It’s not uncommon for Jews to speculate about someone’s Jewish identity or affiliation — especially if that person is famous. In fact, it’s kind of a pastime.
So when three women from Solano County joined together to create a Jewish music radio show to explore those connections, it wasn’t such a stretch of the imagination. But because the show was available to anyone who wanted to tune in online — or who could reach the Vallejo-based Ozcat Radio at 89.5 on the FM dial — the exploration and identification of Jewish or Jewish-linked music became a rich cultural learning experience for general listeners.
For co-founder Rachel Raskin-Zrihen, the last four years of broadcasting “Kol D’var” have served to illuminate Jewish contributions to the music world and ultimately break down cultural barriers that could lead to anti-Semitism.
“My original idea was to illustrate in a direct way the Jewish connection to American culture that many people may not be aware of. The concept was that we would pick a theme and then we would find music that has that theme and then find a Jewish connection,” said Raskin-Zrihen, who goes by Ray-Z on the air.
But “Kol D’var,” which in Hebrew means “all things,” is looking to pass the mic to new leaders who can take over production and hosting of the show, which airs the first and third Thursdays of every month from 6 to 9 p.m.
Ray-Z and her partners, Geri Kahn and Rachel Lessem, are stepping aside and hoping the show will continue with new blood and possibly a new format, but with the same intention to spread Jewish culture into the world.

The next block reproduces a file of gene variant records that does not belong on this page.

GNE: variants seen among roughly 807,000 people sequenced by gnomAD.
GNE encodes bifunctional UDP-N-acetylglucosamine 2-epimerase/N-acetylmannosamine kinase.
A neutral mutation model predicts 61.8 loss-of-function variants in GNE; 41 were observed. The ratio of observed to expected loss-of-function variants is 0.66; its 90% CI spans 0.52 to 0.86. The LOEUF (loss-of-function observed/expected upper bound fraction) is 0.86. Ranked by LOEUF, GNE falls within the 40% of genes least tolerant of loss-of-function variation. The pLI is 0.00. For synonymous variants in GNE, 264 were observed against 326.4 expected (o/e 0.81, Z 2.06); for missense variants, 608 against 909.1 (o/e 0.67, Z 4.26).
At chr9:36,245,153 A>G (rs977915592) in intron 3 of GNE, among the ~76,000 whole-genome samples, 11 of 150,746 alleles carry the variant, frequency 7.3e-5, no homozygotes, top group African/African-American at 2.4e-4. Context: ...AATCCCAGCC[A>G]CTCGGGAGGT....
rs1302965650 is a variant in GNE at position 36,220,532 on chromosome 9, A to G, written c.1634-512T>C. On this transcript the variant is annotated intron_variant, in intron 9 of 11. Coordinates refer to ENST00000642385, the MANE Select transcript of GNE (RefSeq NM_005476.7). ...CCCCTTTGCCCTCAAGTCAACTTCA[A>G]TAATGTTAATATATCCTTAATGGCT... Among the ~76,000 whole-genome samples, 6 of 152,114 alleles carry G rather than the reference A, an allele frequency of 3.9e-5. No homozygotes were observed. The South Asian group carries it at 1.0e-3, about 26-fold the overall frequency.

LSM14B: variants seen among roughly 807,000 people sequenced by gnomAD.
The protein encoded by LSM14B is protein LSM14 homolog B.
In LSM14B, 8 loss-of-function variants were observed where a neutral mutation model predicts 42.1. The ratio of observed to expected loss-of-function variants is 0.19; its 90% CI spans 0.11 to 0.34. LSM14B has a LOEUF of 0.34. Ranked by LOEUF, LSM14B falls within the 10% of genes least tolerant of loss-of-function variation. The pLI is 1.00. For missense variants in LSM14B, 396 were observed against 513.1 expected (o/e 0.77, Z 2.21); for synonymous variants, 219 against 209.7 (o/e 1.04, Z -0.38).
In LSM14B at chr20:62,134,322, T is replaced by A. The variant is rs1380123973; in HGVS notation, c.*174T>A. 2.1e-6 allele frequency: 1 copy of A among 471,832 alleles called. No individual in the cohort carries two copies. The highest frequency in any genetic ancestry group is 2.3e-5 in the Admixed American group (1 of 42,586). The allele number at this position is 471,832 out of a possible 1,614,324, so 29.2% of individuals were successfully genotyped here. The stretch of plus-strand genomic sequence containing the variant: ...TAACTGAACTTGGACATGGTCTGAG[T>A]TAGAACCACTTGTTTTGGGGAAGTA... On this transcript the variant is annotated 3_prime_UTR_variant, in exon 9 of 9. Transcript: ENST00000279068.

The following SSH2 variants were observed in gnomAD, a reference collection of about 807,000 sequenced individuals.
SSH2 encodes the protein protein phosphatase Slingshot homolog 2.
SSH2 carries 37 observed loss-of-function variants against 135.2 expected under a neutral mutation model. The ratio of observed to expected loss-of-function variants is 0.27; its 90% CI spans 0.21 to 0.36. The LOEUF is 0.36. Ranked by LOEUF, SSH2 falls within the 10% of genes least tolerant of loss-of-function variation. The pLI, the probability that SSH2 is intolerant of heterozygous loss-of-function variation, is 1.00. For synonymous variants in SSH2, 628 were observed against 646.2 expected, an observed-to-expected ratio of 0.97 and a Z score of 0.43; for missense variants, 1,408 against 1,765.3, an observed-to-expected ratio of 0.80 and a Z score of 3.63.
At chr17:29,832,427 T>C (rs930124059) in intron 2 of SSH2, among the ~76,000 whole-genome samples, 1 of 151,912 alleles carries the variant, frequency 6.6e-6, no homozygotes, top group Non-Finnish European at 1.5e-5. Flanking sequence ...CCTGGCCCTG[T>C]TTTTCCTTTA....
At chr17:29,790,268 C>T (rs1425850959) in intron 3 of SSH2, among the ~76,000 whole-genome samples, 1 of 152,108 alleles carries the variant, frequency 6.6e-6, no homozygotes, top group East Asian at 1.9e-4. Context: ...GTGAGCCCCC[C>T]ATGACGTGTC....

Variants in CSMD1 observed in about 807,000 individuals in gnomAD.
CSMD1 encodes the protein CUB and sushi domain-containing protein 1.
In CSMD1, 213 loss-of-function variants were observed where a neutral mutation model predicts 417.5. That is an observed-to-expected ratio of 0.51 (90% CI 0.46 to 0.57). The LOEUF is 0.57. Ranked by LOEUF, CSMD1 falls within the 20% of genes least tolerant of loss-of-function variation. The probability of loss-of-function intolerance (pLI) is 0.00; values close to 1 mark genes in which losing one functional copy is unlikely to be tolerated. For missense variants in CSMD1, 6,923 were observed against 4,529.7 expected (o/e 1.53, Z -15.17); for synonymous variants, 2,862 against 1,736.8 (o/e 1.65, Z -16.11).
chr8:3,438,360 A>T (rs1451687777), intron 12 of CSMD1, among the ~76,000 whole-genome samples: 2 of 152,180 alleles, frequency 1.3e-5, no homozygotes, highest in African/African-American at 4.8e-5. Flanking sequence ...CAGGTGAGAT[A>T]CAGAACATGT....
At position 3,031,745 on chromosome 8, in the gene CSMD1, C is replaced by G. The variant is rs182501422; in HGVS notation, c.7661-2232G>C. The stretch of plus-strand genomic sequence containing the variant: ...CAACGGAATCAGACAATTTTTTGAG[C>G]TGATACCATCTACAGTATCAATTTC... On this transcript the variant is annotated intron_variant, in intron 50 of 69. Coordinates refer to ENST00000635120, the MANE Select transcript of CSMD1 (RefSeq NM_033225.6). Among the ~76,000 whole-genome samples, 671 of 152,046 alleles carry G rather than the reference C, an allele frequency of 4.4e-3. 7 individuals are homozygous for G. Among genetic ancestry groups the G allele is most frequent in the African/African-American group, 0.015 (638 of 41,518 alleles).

“What we hope is that people keep learning about the Jewish presence here and embrace it,” said Lessem, also known as Rachel Rae, who lives in Fairfield.
They have spoken to a Chabad rabbi from Sacramento and a Benicia businessman who are interested in taking over the show. They are hoping to find others, even someone willing to work remotely, who might be interested in sharing the responsibility as volunteers.
“I hope it continues running, and I hope people will put their own ideas into it. It doesn’t have to be music,” said Kahn, who is Tovah on the air and an immigration attorney in non-radio life.
While it waits for new hosts to take over the show, the station is holding the slot and filling it with alternative programming.
Katie Martinelli, founder of the nonprofit Ozcat Radio, said the show has been a valuable addition to the station’s lineup. “One of the planks of our mission is to demonstrate the cultural history of Vallejo,” she said. “It makes the station one of the jewels in our crown because they really get into the history and culture.”
Part of what Martinelli loves about the show is its benefit to local Jewish artists who are interviewed and play music live.
“It’s been a godsend for them to showcase their work in an environment that’s encouraging for them to talk about it a little bit deeper,” she said.
The show not only has exposed listeners to new material, information and ideas, it also has helped bring a sense of Jewish community to the airwaves. Each show, Lessem would collect names to read during the Mishebeirach prayer, to send healing thoughts out to those who needed it within the community. During the holidays, they would theme the shows to include rituals, music and even food for the occasion. The hosts also interviewed rabbis, scholars and local Jews doing interesting things in the Bay Area.
“It was a cause. That was our legacy that we were able to bring in knowledge and anybody could tune in,” said Lessem.
The hosts hope they will find a replacement by January and the show can go back on the air. None of them want to see “Kol D’var” disappear.
“I hope it doesn’t ever stop,” Lessem said. “I hope it continues bringing knowledge and Jewish values to the community of listeners. We hope people keep learning about the Jewish presence here and embrace it.”